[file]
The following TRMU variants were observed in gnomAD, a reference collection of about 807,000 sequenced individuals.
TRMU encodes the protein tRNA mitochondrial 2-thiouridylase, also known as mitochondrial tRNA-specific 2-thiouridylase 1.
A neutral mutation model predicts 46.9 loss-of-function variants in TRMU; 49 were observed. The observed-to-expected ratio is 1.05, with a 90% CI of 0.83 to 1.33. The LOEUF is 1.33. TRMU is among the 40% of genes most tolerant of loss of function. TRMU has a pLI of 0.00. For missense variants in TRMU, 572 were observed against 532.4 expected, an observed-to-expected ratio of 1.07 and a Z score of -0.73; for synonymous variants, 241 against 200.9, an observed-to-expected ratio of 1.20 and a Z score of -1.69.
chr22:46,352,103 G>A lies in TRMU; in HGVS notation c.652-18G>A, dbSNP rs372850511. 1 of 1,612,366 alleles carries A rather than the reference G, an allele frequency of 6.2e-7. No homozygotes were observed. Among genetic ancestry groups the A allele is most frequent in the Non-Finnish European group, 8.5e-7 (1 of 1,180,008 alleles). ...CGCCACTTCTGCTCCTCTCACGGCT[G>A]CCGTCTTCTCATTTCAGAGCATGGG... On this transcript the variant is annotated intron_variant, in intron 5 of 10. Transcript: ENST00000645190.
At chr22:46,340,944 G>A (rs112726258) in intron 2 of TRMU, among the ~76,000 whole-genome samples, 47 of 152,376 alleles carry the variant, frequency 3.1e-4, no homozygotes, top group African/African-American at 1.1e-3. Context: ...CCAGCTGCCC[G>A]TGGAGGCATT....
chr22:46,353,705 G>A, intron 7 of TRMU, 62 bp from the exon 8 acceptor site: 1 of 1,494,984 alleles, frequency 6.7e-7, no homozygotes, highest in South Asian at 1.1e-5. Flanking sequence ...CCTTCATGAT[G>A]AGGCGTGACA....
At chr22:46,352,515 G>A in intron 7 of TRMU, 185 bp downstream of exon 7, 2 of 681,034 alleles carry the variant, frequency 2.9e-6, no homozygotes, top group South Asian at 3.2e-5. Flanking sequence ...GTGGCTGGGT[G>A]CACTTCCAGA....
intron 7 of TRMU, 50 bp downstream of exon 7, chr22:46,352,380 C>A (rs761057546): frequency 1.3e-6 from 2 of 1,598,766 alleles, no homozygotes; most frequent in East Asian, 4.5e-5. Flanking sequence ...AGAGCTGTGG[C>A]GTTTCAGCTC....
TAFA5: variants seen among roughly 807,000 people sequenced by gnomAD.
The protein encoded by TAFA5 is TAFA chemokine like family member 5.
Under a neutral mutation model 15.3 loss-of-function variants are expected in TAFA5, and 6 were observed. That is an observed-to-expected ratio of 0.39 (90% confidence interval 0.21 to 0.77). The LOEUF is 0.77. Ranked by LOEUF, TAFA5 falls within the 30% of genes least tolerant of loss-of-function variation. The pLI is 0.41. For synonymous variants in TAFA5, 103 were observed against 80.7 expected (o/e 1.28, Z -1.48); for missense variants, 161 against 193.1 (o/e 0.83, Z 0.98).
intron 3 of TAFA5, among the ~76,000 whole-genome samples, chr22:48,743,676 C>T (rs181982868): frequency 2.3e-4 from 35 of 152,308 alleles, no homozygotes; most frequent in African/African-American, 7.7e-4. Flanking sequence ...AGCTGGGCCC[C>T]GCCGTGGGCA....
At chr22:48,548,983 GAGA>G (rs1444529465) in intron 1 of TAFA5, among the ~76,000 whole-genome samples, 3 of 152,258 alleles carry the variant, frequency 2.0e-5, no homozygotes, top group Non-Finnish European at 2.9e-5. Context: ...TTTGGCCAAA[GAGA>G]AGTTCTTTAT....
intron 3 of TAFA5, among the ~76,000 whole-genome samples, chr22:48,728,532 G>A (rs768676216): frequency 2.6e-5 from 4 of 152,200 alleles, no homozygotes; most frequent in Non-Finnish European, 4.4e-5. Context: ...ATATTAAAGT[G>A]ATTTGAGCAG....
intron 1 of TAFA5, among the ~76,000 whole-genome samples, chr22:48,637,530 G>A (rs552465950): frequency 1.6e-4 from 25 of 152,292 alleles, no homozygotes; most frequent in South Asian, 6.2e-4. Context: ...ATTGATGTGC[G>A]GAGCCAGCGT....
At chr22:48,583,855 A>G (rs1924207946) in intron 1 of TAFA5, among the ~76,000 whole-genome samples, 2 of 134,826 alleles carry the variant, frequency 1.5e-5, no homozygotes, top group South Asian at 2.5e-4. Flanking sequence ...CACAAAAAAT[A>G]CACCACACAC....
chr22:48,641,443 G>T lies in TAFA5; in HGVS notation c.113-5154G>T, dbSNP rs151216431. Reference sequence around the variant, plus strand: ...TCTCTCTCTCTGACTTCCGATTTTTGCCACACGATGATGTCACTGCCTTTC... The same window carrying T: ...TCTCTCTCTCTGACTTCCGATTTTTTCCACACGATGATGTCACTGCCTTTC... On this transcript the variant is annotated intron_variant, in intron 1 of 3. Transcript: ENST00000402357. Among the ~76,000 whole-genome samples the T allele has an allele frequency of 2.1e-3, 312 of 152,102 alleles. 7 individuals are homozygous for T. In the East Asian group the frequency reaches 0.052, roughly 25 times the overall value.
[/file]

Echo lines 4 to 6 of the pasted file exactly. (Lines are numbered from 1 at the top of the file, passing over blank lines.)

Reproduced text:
chr22:46,352,103 G>A lies in TRMU; in HGVS notation c.652-18G>A, dbSNP rs372850511. 1 of 1,612,366 alleles carries A rather than the reference G, an allele frequency of 6.2e-7. No homozygotes were observed. Among genetic ancestry groups the A allele is most frequent in the Non-Finnish European group, 8.5e-7 (1 of 1,180,008 alleles). ...CGCCACTTCTGCTCCTCTCACGGCT[G>A]CCGTCTTCTCATTTCAGAGCATGGG... On this transcript the variant is annotated intron_variant, in intron 5 of 10. Transcript: ENST00000645190.
At chr22:46,340,944 G>A (rs112726258) in intron 2 of TRMU, among the ~76,000 whole-genome samples, 47 of 152,376 alleles carry the variant, frequency 3.1e-4, no homozygotes, top group African/African-American at 1.1e-3. Context: ...CCAGCTGCCC[G>A]TGGAGGCATT....
chr22:46,353,705 G>A, intron 7 of TRMU, 62 bp from the exon 8 acceptor site: 1 of 1,494,984 alleles, frequency 6.7e-7, no homozygotes, highest in South Asian at 1.1e-5. Flanking sequence ...CCTTCATGAT[G>A]AGGCGTGACA....